Artificial intelligence (AI) has found that twisting of eye vessels could cause high blood pressure and heart disease, scientists have said.
A team of scientists at St George’s, University of London, used artificial intelligence tools to analyse the blood vessels found at the back of the eye and their connection with heart diseases.
The team discovered 119 areas in the genome (complete set of DNA) that help to determine the size and shape of these vessels and which could be used in routine eye checkups to help identify health problems.
In the past, scientists have shown that the shape and size of blood vessels on the retina are associated with health conditions including high blood pressure, heart disease, diabetes and obesity.
However, until now, little was known about how genetics play a role in determining the architectural characteristics of these blood vessels.
The researchers found that an increase in ‘twisting’ of the arteries could be a key element in the development of these conditions.
The team studied retinal images from nearly 53,000 people who were enrolled on a large study called the UK Biobank. The scientists applied AI technology to the images to quickly and automatically distinguish between the different types of blood vessels (arteries and veins) and to measure blood vessel width and the extent to which the vessels twist and turn.
The team then used a technique called a genome-wide association study (GWAS) to determine whether there were similarities in the DNA of people with similar blood vessel characteristics.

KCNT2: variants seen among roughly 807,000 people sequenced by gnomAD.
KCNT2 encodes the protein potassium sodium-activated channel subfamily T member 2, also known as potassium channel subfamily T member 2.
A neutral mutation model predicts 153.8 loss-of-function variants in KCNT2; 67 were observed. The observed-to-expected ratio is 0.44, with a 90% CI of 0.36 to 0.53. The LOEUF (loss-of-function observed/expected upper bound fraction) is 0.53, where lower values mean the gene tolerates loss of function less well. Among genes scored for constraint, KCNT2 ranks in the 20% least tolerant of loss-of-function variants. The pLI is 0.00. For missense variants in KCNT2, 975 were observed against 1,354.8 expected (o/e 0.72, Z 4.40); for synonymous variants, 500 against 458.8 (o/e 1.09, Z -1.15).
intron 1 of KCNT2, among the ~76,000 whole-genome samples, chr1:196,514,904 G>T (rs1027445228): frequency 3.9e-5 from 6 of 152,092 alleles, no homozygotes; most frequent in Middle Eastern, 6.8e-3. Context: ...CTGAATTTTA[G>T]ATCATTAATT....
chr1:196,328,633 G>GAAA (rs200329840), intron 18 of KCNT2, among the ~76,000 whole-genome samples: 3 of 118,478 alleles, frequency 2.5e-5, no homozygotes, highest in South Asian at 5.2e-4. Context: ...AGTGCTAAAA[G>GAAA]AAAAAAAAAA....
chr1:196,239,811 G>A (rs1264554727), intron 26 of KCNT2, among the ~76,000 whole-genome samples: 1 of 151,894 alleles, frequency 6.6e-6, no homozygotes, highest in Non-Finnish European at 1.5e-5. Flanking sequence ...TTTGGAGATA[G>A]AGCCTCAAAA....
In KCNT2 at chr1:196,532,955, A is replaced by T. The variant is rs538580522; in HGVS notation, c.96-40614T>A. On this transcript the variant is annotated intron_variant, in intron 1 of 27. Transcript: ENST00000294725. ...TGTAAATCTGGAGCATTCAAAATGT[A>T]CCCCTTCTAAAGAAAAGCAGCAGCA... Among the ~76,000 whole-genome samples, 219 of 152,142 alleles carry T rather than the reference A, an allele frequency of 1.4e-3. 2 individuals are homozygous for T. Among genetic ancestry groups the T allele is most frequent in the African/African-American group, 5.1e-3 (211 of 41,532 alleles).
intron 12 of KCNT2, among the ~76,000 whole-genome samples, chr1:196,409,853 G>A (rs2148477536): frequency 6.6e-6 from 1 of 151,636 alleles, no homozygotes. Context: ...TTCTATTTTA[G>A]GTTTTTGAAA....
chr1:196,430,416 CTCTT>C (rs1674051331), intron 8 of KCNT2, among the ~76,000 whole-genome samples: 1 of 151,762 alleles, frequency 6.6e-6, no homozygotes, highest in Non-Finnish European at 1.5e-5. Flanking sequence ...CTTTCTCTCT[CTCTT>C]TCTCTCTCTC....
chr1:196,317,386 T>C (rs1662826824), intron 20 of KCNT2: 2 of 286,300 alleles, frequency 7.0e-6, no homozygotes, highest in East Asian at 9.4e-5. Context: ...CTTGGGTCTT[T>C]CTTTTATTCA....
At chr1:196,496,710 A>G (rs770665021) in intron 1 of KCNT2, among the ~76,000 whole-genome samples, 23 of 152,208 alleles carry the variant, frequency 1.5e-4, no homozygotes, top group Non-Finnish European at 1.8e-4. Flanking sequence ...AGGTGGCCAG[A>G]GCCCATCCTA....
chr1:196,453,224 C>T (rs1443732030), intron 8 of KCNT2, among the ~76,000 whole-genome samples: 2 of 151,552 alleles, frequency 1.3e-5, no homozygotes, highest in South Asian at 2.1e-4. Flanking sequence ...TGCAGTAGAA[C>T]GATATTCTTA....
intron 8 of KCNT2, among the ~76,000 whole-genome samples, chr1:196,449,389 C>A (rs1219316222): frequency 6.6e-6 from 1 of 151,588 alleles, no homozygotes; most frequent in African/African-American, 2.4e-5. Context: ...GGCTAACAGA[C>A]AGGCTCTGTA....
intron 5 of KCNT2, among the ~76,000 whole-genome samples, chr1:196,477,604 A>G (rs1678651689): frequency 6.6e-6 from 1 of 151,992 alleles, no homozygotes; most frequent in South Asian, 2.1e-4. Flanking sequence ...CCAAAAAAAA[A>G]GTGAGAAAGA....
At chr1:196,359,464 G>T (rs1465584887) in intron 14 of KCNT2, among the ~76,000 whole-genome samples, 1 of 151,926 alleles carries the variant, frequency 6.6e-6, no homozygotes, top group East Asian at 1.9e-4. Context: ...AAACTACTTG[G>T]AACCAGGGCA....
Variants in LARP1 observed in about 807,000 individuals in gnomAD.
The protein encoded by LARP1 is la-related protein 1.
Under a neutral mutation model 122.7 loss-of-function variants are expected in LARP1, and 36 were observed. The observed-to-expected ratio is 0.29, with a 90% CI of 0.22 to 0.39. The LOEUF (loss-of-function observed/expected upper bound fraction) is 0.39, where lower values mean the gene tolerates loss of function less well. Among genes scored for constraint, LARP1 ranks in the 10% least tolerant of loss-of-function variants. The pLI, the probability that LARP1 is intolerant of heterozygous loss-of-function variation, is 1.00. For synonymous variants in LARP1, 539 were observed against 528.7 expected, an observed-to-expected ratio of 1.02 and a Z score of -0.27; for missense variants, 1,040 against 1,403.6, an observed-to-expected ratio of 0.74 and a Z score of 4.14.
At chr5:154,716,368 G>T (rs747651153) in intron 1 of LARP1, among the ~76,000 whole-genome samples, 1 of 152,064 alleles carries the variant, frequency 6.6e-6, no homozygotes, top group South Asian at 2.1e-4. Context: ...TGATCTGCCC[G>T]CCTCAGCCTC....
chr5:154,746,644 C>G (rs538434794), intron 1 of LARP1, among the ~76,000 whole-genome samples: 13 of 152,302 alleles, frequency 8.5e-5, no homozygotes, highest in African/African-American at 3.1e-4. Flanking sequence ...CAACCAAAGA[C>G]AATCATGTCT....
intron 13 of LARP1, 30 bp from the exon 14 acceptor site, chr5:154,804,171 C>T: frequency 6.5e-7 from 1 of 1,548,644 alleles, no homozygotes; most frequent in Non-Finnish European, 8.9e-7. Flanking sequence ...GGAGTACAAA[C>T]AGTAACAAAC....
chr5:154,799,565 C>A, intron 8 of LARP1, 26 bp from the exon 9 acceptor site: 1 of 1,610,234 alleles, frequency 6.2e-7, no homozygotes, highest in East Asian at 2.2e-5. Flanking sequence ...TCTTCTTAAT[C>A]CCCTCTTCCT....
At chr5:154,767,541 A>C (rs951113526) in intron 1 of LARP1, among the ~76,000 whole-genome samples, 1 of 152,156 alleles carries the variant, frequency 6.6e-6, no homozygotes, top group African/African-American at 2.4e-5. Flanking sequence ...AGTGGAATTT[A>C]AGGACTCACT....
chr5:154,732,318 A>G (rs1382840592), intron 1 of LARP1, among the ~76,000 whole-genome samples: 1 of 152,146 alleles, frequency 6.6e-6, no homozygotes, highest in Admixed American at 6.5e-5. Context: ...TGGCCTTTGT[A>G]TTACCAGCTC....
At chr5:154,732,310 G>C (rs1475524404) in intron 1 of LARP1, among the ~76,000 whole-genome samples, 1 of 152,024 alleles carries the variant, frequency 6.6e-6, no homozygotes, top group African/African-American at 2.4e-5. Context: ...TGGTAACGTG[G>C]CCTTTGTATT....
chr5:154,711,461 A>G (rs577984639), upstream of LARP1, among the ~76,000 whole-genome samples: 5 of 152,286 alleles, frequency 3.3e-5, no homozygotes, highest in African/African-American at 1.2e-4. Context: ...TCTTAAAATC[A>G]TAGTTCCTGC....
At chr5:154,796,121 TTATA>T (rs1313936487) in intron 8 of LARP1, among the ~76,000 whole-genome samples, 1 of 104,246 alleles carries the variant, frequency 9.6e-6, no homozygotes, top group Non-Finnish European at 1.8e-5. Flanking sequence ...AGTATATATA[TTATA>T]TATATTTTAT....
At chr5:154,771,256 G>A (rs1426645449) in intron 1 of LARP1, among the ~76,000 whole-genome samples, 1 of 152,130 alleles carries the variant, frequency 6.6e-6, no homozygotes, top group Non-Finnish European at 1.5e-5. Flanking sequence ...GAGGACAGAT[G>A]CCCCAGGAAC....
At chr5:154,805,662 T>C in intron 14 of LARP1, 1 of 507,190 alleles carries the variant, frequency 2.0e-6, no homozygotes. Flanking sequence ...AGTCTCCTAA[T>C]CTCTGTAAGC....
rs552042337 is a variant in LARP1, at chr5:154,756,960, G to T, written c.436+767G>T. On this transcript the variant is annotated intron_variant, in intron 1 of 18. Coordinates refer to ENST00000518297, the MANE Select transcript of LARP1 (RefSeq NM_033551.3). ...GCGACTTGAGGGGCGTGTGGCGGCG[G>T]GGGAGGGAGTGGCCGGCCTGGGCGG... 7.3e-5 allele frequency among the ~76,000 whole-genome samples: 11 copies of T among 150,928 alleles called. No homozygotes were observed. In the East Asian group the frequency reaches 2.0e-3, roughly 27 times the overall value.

The researchers then repeated the analyses on 5,000 people who were part of the EPIC-Norfolk’s Eye Study.
Of the 119 sections found, 89 regions were linked to arterial twisting.
“It had been thought that high blood pressure might cause twisted arteries, but our work unveils that it’s actually the other way around,” said Professor Christopher Owen, head of chronic disease epidemiology at St George’s, University of London.
“This genetic information is a vital piece of the puzzle in our understanding and could pave the way for new treatments in the future.
“Our AI analysis of these images as part of routine eye checks could easily be done as part of a health check to identify those at high risk of developing high blood pressure or heart disease and in need of early intervention.”
The study, funded by the Medical Research Council and the British Heart Foundation, was published in PLOS Genetics.
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